The next time her parents were gone when she got home, she didn’t ask to use the phone but just sat and talked with me. I told her that I was glad she came to our house when she needed help. She replied, “My parents say your house is a safe place if I have trouble.” I was glad our small talk was working, but I wasn’t sure if they really understood just how much we were glad they were our neighbors.

Then we got the sign.

We put out our sign on a Sunday afternoon with little fanfare. That evening we heard some noise in the yard and looked out to find our neighbors and many of their friends taking pictures of our sign with their phones. Honestly, we just weren’t sure what to think about their interest.

When the doorbell rang the next afternoon, I assumed my friend had gotten off the bus to an empty house once again. When I opened the door, I found two of the daughterstreats with radiant smiles. With arms extended they offered me homemade pastries and this explanation, “We made this for you to say thank you for the sign. We want you to know what it means for our family that you are telling the neighborhood you are happy we live here. These are from Egypt, our home. We made so you know we are glad to be neighbors. We have never seen a sign like this. Why do you have it?”

I told her that we belong to a peace church and that many of us were putting these signs in our yards. When she asked what I meant by peace church, I went on to tell her that we believed in truly loving our neighbors in word and deed. Then, I told them what we believe following Jesus means. They are Muslim, but they smiled and said, “This is what our world needs now.”

We continue to make small talk. Last weekend, they asked us to get their mail while they are out of town in May – at least we think that is what they said.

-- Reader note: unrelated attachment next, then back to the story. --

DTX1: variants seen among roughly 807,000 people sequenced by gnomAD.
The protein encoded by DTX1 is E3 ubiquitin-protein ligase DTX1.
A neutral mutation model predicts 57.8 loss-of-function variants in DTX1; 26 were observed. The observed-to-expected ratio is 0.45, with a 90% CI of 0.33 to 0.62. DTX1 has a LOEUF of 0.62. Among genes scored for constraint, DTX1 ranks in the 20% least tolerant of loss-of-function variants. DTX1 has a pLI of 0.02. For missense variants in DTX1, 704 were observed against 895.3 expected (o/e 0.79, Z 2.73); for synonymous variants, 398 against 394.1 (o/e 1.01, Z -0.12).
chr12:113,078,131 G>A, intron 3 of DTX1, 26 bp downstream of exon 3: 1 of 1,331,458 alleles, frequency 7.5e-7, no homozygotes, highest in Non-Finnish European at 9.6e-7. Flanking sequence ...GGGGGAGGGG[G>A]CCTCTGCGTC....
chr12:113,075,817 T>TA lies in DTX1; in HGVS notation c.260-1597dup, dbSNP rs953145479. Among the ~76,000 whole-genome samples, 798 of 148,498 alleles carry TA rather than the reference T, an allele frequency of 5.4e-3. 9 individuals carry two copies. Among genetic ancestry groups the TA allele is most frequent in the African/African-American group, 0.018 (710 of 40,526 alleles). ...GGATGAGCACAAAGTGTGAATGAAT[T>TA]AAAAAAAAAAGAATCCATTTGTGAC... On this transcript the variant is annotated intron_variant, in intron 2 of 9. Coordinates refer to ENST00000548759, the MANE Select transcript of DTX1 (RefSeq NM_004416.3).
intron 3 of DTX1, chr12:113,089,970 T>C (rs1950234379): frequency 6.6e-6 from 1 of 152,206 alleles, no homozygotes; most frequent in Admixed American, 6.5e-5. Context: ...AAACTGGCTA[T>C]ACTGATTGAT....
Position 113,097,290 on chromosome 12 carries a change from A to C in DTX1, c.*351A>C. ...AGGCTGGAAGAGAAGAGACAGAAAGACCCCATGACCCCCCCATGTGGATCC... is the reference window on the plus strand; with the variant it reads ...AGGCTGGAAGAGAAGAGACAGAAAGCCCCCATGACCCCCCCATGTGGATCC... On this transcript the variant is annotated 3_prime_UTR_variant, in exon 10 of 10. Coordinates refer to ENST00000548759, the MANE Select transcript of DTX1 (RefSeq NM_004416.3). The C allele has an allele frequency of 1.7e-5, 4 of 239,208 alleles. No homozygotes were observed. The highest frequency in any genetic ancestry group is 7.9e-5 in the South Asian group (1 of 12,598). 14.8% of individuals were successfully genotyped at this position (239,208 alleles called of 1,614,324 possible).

We’ve made small talk. It’s a small sign. These have been mustard seed moments. Loving our neighbor in small ways that make a big difference, at least on our street.

Advertisements
Posted in Living Peacefully, The Autism Gospel

Healed on the Sabbath

10 Now he was teaching in one of the synagogues on the sabbath. 11 And there was a woman who had had a spirit of infirmity for eighteen years; she was bent over and could not fully straighten herself. 12 And when Jesus saw her, he called her and said to her, “Woman, you are freed from your infirmity.” 13 And he laid his hands upon her, and immediately she was made straight, and she praised God. 14 But the ruler of the synagogue, indignant because Jesus had healed on the sabbath, said to the people, “There are six days on which work ought to be done; come on those days and be healed, and not on the sabbath day.” 15 Then the Lord answered him, “You hypocrites! Does not each of you on the sabbath untie his ox or his ass from the manger, and lead it away to water it?16 And ought not this woman, a daughter of Abraham whom Satan bound for eighteen years, be loosed from this bond on the sabbath day?”17 As he said this, all his adversaries were put to shame; and all the people rejoiced at all the glorious things that were done by him. [1]